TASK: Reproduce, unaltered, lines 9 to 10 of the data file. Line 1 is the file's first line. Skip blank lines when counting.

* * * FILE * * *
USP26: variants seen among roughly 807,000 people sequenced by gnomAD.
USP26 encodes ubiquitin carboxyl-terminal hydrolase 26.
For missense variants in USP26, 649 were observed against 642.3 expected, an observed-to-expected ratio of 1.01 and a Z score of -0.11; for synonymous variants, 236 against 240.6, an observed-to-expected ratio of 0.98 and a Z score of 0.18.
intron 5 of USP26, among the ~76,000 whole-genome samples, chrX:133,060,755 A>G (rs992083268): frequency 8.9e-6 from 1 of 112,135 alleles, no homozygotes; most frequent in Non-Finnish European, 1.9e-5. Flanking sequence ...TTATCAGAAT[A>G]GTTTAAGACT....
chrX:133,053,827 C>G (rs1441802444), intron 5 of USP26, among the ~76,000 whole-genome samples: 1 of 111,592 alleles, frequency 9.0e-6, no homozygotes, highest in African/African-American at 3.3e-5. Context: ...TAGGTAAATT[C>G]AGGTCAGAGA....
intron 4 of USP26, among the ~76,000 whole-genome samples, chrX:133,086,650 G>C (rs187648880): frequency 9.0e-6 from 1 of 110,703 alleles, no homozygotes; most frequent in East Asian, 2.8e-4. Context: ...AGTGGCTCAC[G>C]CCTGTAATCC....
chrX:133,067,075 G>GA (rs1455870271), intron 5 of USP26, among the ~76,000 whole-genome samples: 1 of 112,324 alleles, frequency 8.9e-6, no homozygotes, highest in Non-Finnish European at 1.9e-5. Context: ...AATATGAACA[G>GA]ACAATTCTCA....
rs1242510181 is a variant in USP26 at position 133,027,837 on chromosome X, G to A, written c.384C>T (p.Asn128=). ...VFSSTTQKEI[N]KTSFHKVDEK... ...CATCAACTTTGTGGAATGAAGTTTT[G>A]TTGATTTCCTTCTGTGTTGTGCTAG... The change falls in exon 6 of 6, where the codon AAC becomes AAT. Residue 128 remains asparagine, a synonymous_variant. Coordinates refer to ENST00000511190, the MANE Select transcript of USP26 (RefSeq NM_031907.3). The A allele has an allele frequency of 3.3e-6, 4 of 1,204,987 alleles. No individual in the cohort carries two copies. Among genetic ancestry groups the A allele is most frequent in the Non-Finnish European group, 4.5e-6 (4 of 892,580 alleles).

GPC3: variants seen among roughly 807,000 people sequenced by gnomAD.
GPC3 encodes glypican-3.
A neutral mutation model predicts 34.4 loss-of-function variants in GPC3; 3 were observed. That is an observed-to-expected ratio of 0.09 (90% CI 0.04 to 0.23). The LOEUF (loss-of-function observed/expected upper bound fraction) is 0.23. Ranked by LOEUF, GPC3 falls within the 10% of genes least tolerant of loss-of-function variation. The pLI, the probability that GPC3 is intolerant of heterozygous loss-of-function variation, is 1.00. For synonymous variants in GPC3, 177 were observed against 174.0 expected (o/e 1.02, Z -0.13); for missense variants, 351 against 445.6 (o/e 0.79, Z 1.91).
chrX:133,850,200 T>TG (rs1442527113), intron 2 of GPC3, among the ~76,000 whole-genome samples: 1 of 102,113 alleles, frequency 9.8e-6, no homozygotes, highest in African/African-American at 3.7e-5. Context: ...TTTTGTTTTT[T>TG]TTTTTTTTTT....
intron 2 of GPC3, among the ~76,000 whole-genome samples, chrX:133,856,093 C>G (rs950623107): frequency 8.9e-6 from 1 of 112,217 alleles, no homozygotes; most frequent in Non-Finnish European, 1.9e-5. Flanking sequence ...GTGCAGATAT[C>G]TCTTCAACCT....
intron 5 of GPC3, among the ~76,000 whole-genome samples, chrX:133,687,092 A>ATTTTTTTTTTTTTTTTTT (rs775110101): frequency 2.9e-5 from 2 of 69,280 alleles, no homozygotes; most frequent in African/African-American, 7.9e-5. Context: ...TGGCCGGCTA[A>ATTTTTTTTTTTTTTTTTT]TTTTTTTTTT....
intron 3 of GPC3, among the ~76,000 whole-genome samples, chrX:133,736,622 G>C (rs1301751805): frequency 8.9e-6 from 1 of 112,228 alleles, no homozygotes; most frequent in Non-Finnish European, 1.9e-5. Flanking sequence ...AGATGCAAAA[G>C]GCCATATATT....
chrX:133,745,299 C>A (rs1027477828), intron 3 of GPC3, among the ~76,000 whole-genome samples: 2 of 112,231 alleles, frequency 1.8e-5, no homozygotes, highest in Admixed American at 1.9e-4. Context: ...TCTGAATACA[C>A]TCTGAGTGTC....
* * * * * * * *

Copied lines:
GPC3: variants seen among roughly 807,000 people sequenced by gnomAD.
GPC3 encodes glypican-3.